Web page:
The lessons of An­drew drove many of the build­ing code changes. In­spec­tors had to ap­prove build­ing plans and sign off on all phases of con­struc­tion. The en­tire “build­ing en­ve­lope” of a home — every win­dow, door, sky­light or any point that could let in wind — had to un­dergo test­ing and ap­proval.

The first ma­jor test of Florida’s new stan­dards came in 2004. Four hur­ri­canes — Charley, Frances, Ivan and Jeanne — wal­loped the state in one hur­ri­cane sea­son. The newer homes, built un­der the tough code, sur­vived.

A re­port from FEMA found that homes built af­ter the codes were put into place per­formed bet­ter than the older stock. A re­port from the In­sur­ance In­sti­tute for Busi­ness and Home Safety found own­ers of post-An­drew homes filed 60% fewer in­sur­ance claims, and the sever­ity of those claims was 42% lower.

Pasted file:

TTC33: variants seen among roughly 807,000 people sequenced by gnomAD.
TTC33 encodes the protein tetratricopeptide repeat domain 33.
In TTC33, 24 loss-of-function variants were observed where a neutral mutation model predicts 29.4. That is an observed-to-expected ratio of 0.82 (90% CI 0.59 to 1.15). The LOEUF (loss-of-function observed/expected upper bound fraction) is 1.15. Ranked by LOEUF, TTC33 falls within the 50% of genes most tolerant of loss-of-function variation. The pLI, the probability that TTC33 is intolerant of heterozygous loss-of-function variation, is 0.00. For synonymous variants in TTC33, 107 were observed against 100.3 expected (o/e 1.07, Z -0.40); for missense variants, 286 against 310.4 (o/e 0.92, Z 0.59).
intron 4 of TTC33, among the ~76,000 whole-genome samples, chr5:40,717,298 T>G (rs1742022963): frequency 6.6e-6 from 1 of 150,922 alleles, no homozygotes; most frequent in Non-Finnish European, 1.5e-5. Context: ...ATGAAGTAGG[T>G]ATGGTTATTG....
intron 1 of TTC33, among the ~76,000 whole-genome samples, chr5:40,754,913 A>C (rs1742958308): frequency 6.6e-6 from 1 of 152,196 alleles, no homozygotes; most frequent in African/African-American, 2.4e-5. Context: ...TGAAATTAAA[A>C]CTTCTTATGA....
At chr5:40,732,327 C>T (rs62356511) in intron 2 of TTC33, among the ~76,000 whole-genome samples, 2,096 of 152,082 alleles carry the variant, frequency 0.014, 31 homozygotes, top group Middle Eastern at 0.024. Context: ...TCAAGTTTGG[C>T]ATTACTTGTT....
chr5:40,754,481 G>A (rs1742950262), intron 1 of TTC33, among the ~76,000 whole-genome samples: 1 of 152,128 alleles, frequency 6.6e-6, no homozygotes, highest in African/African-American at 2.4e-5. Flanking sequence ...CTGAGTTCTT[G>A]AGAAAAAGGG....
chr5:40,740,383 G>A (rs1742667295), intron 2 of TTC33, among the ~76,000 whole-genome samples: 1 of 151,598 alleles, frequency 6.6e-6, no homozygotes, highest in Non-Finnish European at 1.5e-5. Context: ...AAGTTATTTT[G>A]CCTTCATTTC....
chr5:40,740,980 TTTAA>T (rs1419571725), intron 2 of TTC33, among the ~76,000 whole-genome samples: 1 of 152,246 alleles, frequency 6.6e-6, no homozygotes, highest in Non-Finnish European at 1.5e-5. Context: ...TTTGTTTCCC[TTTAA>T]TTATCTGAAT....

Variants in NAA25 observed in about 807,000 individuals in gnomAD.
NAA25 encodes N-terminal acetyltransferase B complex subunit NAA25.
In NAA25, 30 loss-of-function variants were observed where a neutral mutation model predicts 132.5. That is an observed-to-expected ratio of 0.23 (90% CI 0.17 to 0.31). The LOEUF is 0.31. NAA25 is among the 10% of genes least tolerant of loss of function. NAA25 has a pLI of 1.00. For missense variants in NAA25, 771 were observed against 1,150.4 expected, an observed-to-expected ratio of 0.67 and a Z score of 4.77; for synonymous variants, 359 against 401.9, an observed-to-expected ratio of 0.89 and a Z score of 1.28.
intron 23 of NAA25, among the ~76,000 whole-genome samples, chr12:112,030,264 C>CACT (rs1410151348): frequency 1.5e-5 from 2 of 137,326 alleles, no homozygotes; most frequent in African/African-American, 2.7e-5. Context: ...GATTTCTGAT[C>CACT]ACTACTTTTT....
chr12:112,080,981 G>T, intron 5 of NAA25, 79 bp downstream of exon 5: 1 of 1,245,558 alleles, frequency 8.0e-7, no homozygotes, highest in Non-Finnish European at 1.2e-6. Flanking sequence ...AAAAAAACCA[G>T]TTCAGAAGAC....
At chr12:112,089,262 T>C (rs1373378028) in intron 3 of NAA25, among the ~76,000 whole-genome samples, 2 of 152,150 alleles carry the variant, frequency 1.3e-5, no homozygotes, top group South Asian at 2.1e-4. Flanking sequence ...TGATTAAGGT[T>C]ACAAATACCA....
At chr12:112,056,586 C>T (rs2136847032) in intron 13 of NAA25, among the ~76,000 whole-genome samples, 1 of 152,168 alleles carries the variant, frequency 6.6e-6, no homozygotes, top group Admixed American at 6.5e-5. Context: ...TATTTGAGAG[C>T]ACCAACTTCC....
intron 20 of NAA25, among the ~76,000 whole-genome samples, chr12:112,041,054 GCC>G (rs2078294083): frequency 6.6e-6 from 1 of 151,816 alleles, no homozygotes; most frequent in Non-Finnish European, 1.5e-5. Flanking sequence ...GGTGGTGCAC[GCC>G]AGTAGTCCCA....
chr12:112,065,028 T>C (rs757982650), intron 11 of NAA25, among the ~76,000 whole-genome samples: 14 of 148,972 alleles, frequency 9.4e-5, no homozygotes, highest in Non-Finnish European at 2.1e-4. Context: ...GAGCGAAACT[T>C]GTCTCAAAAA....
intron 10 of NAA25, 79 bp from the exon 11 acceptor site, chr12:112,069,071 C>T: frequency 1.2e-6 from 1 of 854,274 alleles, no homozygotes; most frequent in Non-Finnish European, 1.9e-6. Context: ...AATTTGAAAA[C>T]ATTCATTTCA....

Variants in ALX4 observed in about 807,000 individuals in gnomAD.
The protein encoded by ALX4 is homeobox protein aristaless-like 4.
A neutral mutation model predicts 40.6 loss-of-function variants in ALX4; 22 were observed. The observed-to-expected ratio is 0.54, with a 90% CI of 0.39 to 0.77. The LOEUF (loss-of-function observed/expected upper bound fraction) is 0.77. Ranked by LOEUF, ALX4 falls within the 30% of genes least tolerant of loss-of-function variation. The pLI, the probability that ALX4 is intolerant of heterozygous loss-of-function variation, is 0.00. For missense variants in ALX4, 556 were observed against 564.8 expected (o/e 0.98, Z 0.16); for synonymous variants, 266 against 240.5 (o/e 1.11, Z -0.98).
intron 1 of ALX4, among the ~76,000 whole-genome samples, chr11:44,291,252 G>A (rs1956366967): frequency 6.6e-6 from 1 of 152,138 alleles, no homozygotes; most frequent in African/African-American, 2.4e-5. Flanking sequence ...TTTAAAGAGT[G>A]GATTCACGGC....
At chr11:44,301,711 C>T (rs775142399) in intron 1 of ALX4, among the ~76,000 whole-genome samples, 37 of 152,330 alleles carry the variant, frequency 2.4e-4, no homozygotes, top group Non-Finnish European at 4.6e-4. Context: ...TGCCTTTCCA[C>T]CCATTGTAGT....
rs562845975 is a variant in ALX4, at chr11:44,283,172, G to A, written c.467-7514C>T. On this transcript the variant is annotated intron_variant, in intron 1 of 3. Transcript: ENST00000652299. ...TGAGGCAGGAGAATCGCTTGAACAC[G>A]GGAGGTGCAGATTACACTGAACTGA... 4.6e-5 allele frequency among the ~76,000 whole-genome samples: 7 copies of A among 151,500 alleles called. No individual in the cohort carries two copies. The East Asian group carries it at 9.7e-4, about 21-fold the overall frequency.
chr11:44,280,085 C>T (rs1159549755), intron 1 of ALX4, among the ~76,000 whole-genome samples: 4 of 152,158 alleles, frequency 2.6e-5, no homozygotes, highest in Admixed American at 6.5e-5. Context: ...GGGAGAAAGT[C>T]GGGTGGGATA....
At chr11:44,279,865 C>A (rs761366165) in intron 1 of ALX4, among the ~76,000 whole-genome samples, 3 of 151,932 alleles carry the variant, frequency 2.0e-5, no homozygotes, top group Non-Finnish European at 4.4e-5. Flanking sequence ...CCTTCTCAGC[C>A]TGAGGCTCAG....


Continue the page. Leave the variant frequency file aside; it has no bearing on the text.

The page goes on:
“The codes proved them­selves out beau­ti­fully,” said Julie Rochman, CEO and pres­i­dent of the in­sti­tute.


Rather than em­brace the suc­cess of the new codes, the state started walk­ing them back.

The Florida Build­ing Com­mis­sion — a 25-mem­ber board ap­pointed by the gov­er­nor that in­cludes builders, en­gi­neers and in­spec­tors — an­a­lyzed data from the four storms and de­cided to re­cal­i­brate how much wind a home would need to with­stand.

Dif­fer­ent ar­eas of the state re­ceive dif­fer­ent winds on av­er­age. The lower the wind, the lower the build­ing re­quire­ments. Af­ter the 2004 sea­son, state of­fi­cials re­drew the maps. The state in­creased the wind loads in one area — South Florida — but re­duced them by 20% in much of the rest of the state. Jack­sonville, largely spared by the four hur­ri­canes, saw its wind loads re­duced as much as 35%.